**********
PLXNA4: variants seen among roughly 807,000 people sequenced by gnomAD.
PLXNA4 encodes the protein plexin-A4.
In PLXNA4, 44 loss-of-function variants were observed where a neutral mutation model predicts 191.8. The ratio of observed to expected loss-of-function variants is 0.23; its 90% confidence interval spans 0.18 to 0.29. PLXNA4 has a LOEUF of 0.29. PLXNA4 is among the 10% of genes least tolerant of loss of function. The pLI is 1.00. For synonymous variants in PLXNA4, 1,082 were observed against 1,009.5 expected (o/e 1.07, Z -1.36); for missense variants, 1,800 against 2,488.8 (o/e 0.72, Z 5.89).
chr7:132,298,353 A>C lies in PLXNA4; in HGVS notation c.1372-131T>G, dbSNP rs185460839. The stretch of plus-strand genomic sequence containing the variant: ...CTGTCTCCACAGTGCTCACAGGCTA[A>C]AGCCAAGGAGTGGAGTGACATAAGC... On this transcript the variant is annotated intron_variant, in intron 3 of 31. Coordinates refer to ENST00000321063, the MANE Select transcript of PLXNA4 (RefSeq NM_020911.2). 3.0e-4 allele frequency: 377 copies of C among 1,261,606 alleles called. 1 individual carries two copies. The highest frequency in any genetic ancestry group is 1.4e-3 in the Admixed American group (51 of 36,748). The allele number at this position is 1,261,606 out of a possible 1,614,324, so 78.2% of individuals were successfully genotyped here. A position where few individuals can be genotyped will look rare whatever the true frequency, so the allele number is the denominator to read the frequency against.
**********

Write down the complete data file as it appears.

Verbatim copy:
PLXNA4: variants seen among roughly 807,000 people sequenced by gnomAD.
PLXNA4 encodes the protein plexin-A4.
In PLXNA4, 44 loss-of-function variants were observed where a neutral mutation model predicts 191.8. The ratio of observed to expected loss-of-function variants is 0.23; its 90% confidence interval spans 0.18 to 0.29. PLXNA4 has a LOEUF of 0.29. PLXNA4 is among the 10% of genes least tolerant of loss of function. The pLI is 1.00. For synonymous variants in PLXNA4, 1,082 were observed against 1,009.5 expected (o/e 1.07, Z -1.36); for missense variants, 1,800 against 2,488.8 (o/e 0.72, Z 5.89).
chr7:132,298,353 A>C lies in PLXNA4; in HGVS notation c.1372-131T>G, dbSNP rs185460839. The stretch of plus-strand genomic sequence containing the variant: ...CTGTCTCCACAGTGCTCACAGGCTA[A>C]AGCCAAGGAGTGGAGTGACATAAGC... On this transcript the variant is annotated intron_variant, in intron 3 of 31. Coordinates refer to ENST00000321063, the MANE Select transcript of PLXNA4 (RefSeq NM_020911.2). 3.0e-4 allele frequency: 377 copies of C among 1,261,606 alleles called. 1 individual carries two copies. The highest frequency in any genetic ancestry group is 1.4e-3 in the Admixed American group (51 of 36,748). The allele number at this position is 1,261,606 out of a possible 1,614,324, so 78.2% of individuals were successfully genotyped here. A position where few individuals can be genotyped will look rare whatever the true frequency, so the allele number is the denominator to read the frequency against.